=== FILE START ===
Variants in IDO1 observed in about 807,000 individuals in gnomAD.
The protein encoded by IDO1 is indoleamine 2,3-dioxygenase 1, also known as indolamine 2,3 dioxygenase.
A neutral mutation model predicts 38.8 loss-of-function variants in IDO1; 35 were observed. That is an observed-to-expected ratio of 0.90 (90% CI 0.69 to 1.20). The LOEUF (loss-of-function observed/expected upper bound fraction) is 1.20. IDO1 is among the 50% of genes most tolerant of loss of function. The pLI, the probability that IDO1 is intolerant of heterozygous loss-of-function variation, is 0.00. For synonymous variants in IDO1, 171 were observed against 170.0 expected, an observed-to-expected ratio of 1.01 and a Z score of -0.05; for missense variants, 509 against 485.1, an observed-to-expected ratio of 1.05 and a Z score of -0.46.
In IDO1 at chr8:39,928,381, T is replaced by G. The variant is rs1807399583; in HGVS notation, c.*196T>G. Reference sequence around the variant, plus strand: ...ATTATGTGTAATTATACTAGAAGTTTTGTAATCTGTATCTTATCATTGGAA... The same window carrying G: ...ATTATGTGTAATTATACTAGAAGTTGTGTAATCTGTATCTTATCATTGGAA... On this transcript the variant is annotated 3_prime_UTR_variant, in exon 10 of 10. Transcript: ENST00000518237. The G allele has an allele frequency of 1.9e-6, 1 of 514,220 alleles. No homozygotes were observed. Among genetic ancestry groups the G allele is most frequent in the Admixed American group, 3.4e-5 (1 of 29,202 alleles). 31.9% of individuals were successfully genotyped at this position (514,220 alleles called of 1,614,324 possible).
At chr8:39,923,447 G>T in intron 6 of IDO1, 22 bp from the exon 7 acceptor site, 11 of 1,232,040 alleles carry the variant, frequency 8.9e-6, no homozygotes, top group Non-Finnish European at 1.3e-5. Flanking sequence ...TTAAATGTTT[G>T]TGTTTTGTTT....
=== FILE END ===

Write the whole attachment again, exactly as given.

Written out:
Variants in IDO1 observed in about 807,000 individuals in gnomAD.
The protein encoded by IDO1 is indoleamine 2,3-dioxygenase 1, also known as indolamine 2,3 dioxygenase.
A neutral mutation model predicts 38.8 loss-of-function variants in IDO1; 35 were observed. That is an observed-to-expected ratio of 0.90 (90% CI 0.69 to 1.20). The LOEUF (loss-of-function observed/expected upper bound fraction) is 1.20. IDO1 is among the 50% of genes most tolerant of loss of function. The pLI, the probability that IDO1 is intolerant of heterozygous loss-of-function variation, is 0.00. For synonymous variants in IDO1, 171 were observed against 170.0 expected, an observed-to-expected ratio of 1.01 and a Z score of -0.05; for missense variants, 509 against 485.1, an observed-to-expected ratio of 1.05 and a Z score of -0.46.
In IDO1 at chr8:39,928,381, T is replaced by G. The variant is rs1807399583; in HGVS notation, c.*196T>G. Reference sequence around the variant, plus strand: ...ATTATGTGTAATTATACTAGAAGTTTTGTAATCTGTATCTTATCATTGGAA... The same window carrying G: ...ATTATGTGTAATTATACTAGAAGTTGTGTAATCTGTATCTTATCATTGGAA... On this transcript the variant is annotated 3_prime_UTR_variant, in exon 10 of 10. Transcript: ENST00000518237. The G allele has an allele frequency of 1.9e-6, 1 of 514,220 alleles. No homozygotes were observed. Among genetic ancestry groups the G allele is most frequent in the Admixed American group, 3.4e-5 (1 of 29,202 alleles). 31.9% of individuals were successfully genotyped at this position (514,220 alleles called of 1,614,324 possible).
At chr8:39,923,447 G>T in intron 6 of IDO1, 22 bp from the exon 7 acceptor site, 11 of 1,232,040 alleles carry the variant, frequency 8.9e-6, no homozygotes, top group Non-Finnish European at 1.3e-5. Flanking sequence ...TTAAATGTTT[G>T]TGTTTTGTTT....